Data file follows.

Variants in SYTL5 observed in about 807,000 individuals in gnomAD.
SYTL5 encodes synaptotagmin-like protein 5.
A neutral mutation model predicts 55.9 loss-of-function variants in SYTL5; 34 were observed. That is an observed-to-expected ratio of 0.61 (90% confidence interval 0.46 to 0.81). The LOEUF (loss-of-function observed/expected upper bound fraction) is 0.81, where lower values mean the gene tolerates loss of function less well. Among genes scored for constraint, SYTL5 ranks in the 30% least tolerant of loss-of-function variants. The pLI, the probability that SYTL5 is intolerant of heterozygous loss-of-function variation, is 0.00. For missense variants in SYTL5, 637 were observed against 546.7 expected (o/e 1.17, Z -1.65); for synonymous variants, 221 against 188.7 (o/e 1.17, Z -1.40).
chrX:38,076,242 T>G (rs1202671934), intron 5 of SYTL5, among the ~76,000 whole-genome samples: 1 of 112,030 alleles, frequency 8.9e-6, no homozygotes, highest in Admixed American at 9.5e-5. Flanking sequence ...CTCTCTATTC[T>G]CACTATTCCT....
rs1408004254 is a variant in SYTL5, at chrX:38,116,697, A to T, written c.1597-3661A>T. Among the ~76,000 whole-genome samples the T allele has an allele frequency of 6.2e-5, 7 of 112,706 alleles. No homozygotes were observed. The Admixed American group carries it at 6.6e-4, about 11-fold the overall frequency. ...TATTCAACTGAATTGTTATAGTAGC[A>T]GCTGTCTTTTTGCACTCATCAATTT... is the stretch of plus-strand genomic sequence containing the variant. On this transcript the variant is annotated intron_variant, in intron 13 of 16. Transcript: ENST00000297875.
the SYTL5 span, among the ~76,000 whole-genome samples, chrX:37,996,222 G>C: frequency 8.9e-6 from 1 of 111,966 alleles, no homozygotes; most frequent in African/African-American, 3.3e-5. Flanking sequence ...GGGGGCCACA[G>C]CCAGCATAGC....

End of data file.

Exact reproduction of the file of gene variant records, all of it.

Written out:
Variants in SYTL5 observed in about 807,000 individuals in gnomAD.
SYTL5 encodes synaptotagmin-like protein 5.
A neutral mutation model predicts 55.9 loss-of-function variants in SYTL5; 34 were observed. That is an observed-to-expected ratio of 0.61 (90% confidence interval 0.46 to 0.81). The LOEUF (loss-of-function observed/expected upper bound fraction) is 0.81, where lower values mean the gene tolerates loss of function less well. Among genes scored for constraint, SYTL5 ranks in the 30% least tolerant of loss-of-function variants. The pLI, the probability that SYTL5 is intolerant of heterozygous loss-of-function variation, is 0.00. For missense variants in SYTL5, 637 were observed against 546.7 expected (o/e 1.17, Z -1.65); for synonymous variants, 221 against 188.7 (o/e 1.17, Z -1.40).
chrX:38,076,242 T>G (rs1202671934), intron 5 of SYTL5, among the ~76,000 whole-genome samples: 1 of 112,030 alleles, frequency 8.9e-6, no homozygotes, highest in Admixed American at 9.5e-5. Flanking sequence ...CTCTCTATTC[T>G]CACTATTCCT....
rs1408004254 is a variant in SYTL5, at chrX:38,116,697, A to T, written c.1597-3661A>T. Among the ~76,000 whole-genome samples the T allele has an allele frequency of 6.2e-5, 7 of 112,706 alleles. No homozygotes were observed. The Admixed American group carries it at 6.6e-4, about 11-fold the overall frequency. ...TATTCAACTGAATTGTTATAGTAGC[A>T]GCTGTCTTTTTGCACTCATCAATTT... is the stretch of plus-strand genomic sequence containing the variant. On this transcript the variant is annotated intron_variant, in intron 13 of 16. Transcript: ENST00000297875.
the SYTL5 span, among the ~76,000 whole-genome samples, chrX:37,996,222 G>C: frequency 8.9e-6 from 1 of 111,966 alleles, no homozygotes; most frequent in African/African-American, 3.3e-5. Flanking sequence ...GGGGGCCACA[G>C]CCAGCATAGC....